Remembering the Roots of Peace - with teaching from Rigoberta Mench Tum
In this session with PeaceJam, you’ll hear a short message from Rigoberta Menchú Tum who won the Nobel Peace Prize in 1992 for being a peaceful advocate of indigenous people’s rights in Central America and worldwide. She reminds us that it’s our responsibility to balance our scientific knowledge with our indigenous wisdom and to remember we are all sons and daughters of this fully alive planet.
Dr. Kate Cumbo is the Director of Program for the PeaceJam Foundation – a non-profit organization that connects youth with Nobel Peace Laureates and whose mission is to create young leaders committed to positive change in the world, their communities, and themselves. As Director of Programs Dr. Cumbo manages a nationwide and international network of PeaceJam Affiliates and Chapters, develops PeaceJam’s award-winning curricular programs for youth ages 5-25 and manages PeaceJam’s professional development programs including the certification of trainers and online training systems. Dr. Cumbo is an expert speaker, facilitator and trainer, with experience working internationally in conflict areas such as the Southern Caucuses and post-colonial communities in South East Asia and Africa. Dr. Cumbo has Ph.D. in Educational Psychology from the University of Colorado-Boulder and was Director of Service-Learning at the Colorado Department of Education from 1999-2004. In addition she has been an education consultant for national and international organizations such as the Corporation for National & Community Service and the Civil Society Institute. She has conducted trainings and keynote addresses around the globe on service-learning, youth leadership, program evaluation, peace education, assessment of student learning, social innovation, and global youth movements.
Philip M. Hellmich is a thought leader in creating a new narrative of peace, from inner peace to international peacebuilding. As the Director of Peace at The Shift Network, Philip is the chief architect of the Summer of Peace, Yoga Day Summit and World Peace Library - online global forums that seek to inspire, inform and involve people in the many ways that peace is emerging around the world. He also is the co-lead faculty of the Peace Ambassador Training. These peace programs provide skills training, inspirational stories, and powerful solutions from the world’s top peacebuilders, social change leaders, scientists, Indigenous elders and spiritual mentors. Philip and his colleagues design these peace programs in partnership with a number of organizations while advancing strategic initiatives, including the International Cities of Peace in creating 1,000 Cities of Peace by 2020; Stanford University’s Center for Compassion and Altruism Research and Education in promoting global compassion education; the Alliance for Peacebuilding on countering violent extremism, PeaceJam and 13 Nobel Peace Laureates in promoting global peace education and Parmarth Niketan Ashram in promoting a deeper understanding of yoga.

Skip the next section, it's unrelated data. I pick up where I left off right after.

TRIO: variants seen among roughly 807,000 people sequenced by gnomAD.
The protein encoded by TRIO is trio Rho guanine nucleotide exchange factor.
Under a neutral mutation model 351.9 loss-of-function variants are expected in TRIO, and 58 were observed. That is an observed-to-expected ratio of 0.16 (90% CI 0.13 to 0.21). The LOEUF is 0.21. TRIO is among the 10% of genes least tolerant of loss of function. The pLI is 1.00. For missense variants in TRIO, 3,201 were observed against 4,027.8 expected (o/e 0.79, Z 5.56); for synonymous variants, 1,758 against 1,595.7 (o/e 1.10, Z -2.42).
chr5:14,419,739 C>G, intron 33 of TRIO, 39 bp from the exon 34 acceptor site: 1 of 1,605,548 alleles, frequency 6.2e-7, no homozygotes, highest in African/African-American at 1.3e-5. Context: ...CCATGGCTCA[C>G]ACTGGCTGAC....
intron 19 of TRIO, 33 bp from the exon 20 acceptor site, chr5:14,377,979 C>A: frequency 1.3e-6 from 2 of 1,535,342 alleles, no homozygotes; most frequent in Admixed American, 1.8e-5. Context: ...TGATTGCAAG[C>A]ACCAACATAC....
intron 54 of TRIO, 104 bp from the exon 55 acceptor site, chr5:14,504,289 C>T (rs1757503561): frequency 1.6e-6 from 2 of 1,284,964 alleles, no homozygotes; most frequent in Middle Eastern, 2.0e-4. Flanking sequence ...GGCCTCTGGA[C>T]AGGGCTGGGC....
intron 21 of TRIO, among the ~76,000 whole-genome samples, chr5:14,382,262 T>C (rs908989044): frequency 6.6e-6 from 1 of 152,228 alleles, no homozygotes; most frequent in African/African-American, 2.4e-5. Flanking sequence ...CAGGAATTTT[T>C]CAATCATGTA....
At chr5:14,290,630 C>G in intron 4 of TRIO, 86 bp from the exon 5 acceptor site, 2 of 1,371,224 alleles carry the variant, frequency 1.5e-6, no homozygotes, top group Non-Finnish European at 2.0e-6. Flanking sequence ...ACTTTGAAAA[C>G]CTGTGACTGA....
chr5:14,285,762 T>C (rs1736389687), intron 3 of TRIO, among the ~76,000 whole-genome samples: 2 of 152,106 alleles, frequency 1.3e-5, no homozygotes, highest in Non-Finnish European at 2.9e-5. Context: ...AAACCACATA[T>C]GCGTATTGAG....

Philip has dedicated most of his life to global and local peacebuilding initiatives, including 14 years with Search for Common Ground. He also served for four years as a Peace Corps Volunteer in Sierra Leone where he lived and worked in small remote bush villages. A published writer, Philip is author of God and Conflict: A Search for Peace in a Time of Crisis with a Foreword by Lama Surya Das. He also serves as adviser to The Global Peace Initiative of Women.
Philip’s passion is exploring peace along the Peace Continuum, from inner to international levels, and his framing purpose coincides with the key questions: How is inner peace a global responsibility; and, how does the world affect inner peace? A long-time meditation practitioner, Philip enjoys studying and teaching about the parallels between inner and outer peace.